Thinking of the future: that is the essence of regenerative viticulture, a set of practices that help to restore the vitality of the soils, bring back native bush and forest, and move away from vine-based monoculture, that more and more Argentine wineries are promoting and implementing.
Regenerative viticulture: the future has arrived
“To us, regenerating the soil isn’t just about taking care of the environment but also improving our professional surroundings. It’s a much more proactive, dynamic role. We’re not just preserving what we have, we’re looking to enhance it, infuse it with more life and create a more complex, diverse ecosystem,” says Franco Bastías, who heads up agriculture at Domaine Bousquet, the first winery in Argentina to receive ROC certification from the Regenerative Organic Alliance (ROA), whose motto is “Farm like the world depends on it”.
In early May 2023, Argentina’s second winery earned ROC certification. Terrazas de los Andes received said distinction for 87 of their approximately 500 hectares at their 10 vineyards. The initiative is part of their “Guardians of life in the mountain”, program in which they apply regenerative viticulture and practices such as preservation of water, biodiversity support, reducing the winery’s carbon footprint, social education, support for the local community and employee safety schemes.
“Regenerative viticulture is much more than being organic, it involves social and sustainability activities. It’s not work that we do on our own, 33 different researchers from different institutions are involved because it’s important to share the results. ROC certification helps us to bring visibility to the work we’ve been doing for some time,” says Daniela Mezzatesta, head researcher for development and sustainability at the Terrazas de los Andes vineyards.
Translating principles into action
Although it sounds like more of a philosophy, the regenerative viticulture taking place today at different wineries across the country is founded in concrete action. Rosario Toso, the Head of Vineyards at Cheval des Andes, explains how it is applied at their two vineyards based around three practical pillars: Firstly, the continuous ploughing of the land was abandoned in favor of vegetative ground cover between the vines. Secondly, trees are used as “production tools” (agri-forestry) with over 1000 selected examples including wild and native fruit and forest species.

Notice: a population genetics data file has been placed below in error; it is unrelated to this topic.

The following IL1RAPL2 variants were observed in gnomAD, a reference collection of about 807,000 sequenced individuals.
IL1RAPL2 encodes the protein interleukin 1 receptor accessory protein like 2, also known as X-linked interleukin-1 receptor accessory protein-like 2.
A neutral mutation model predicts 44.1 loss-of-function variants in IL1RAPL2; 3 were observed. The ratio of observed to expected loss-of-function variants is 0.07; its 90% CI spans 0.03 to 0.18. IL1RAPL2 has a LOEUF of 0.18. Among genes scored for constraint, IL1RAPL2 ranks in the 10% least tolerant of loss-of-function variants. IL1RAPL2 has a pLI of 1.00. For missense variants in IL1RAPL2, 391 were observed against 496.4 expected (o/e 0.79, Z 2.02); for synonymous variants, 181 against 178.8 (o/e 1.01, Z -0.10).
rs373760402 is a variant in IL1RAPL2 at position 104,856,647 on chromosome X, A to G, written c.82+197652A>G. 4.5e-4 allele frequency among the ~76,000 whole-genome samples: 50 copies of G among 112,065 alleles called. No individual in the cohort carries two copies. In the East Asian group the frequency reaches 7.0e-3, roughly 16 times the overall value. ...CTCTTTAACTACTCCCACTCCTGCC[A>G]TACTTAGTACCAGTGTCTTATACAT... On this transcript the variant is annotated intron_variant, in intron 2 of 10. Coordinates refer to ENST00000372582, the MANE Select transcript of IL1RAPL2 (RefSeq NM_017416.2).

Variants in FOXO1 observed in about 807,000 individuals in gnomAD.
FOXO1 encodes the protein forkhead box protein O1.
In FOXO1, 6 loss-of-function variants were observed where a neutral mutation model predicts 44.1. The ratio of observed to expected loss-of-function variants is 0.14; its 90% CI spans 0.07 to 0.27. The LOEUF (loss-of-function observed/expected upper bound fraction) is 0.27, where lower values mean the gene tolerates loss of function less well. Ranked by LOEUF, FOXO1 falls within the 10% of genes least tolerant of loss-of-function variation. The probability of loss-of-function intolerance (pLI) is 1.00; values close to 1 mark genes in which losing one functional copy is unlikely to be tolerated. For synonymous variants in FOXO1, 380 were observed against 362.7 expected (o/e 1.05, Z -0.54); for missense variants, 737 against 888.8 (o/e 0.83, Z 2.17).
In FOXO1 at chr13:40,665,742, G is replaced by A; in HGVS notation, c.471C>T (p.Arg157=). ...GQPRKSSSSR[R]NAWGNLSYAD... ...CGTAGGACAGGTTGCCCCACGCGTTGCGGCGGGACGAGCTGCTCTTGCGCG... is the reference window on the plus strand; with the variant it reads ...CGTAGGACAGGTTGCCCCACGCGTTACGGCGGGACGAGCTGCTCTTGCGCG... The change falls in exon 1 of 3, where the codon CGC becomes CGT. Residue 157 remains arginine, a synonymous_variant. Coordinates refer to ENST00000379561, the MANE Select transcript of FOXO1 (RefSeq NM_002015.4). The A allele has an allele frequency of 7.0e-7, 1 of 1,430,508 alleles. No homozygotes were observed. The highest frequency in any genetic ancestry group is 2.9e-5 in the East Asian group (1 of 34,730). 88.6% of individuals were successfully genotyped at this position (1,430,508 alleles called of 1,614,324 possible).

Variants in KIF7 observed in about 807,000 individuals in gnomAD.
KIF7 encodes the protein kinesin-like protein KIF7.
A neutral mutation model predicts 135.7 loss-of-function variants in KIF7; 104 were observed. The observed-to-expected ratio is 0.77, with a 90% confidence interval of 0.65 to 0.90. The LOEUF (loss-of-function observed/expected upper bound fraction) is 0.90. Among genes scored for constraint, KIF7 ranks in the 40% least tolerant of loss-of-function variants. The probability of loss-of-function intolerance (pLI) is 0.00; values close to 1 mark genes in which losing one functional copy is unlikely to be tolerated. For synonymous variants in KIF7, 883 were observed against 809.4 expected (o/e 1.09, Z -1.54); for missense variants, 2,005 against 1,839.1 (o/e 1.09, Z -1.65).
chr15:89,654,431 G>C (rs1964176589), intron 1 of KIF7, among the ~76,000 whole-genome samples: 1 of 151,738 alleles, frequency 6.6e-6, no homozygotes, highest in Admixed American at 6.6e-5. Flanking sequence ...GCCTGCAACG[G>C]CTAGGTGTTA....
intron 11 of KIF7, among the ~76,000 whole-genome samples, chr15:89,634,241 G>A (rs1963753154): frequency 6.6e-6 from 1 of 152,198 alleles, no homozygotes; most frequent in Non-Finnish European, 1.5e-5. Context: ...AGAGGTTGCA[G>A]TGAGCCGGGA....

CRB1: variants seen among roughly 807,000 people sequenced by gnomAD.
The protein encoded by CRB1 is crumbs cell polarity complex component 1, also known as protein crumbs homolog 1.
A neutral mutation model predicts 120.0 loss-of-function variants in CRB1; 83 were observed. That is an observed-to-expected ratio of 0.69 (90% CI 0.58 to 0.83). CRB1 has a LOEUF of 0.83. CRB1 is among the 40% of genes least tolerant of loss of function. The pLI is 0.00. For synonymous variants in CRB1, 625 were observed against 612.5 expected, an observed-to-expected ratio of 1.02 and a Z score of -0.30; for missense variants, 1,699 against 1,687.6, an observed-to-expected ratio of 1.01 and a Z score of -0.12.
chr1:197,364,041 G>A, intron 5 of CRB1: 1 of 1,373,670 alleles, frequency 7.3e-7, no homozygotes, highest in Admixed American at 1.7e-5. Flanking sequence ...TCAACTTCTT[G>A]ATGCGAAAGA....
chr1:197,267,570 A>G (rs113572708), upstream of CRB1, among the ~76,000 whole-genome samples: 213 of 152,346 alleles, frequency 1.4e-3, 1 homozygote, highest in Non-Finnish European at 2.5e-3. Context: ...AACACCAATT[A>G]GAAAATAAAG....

The third aspect is to move away from monoculture in the vineyards, restoring the diversity of the vineyards through “polyculture” with gardens, vegetable patches, “bosquets” (mini-forests), and planting native flowering species that will also feed the bees from the winery’s ten honey-producing hives.
At Bodega Casarena, regenerative viticulture happened without even being given the label. “When we began to work in the vineyards in a different way, we didn’t call it that, we assessed different variables, our working methods and what we wanted to see in the future,” says Pablo Ceverino, the Vineyard Manager.
His example is the Naoki vineyard in Agrelo, which has been certified as sustainable by Bodegas de Argentina (BdA). “18.5 hectares surrounded by virgin native forest, a kind of natural reserve.”
With 160 hectares still to be planted, Casarena are focusing on the installation of new vineyards without upsetting the balance of the ecosystem. “Instead of digging up all the soil, we’re focusing on planting holes for the vines and leaving the plants, which include festuca grass and different kinds of jarilla and zampa bushes, where they are,” says Ceverino.
Regenerative viticulture practices modify the composition of the soil and have a direct influence on the wines. “The results are very interesting. The plants grow in an ordered way in the middle of all that vegetation and with the micro-batches, the aromas during fermentation reflect that vegetation. The wines display a significant amount of herbal intensity and thus a very distinct character,” says Pablo Ceverino.
Daniela Mezzatesta agrees: “It has a significant effect on the sensory impact of the wine, especially the aromas and the look, with more intense colors. It also has an impact on the vineyards, especially in terms of what we want for the future.”
Franco Bastías believes that the implementation of these methods is producing more transparent wines. “We’re seeing a more authentic product, an honest expression of the terroir, because it’s a purer form of production.”
Rosario Toso clarifies that at Cheval des Andes they aren’t implementing these methods to change their wines, but to preserve the flavor and the terroir. “All these practices will definitely have an impact on the flavor of the wine, I think in a positive way: they will enhance and express more and more qualities of the local environment. Every aspect of the biodiversity of our vineyards has an impact on the grapes and thus the wine.”
A response to climate change
Although there is still much research to be done, regenerative viticulture has also helped the fight against climate change. “It’s a serious issue. Everything we do with the soil produces stronger vineyards with their own balance and makes them more resistant to changes over which we have no control, such as the temperature,” says Bastías.
“We’re seeing that greater interaction between the different components of the soil produces a natural fertilizer, which brings more life and the plant can then absorb all those nutrients. There are years when we don’t use fertilizers, and because the soil is covered, it’s better protected against climate change.”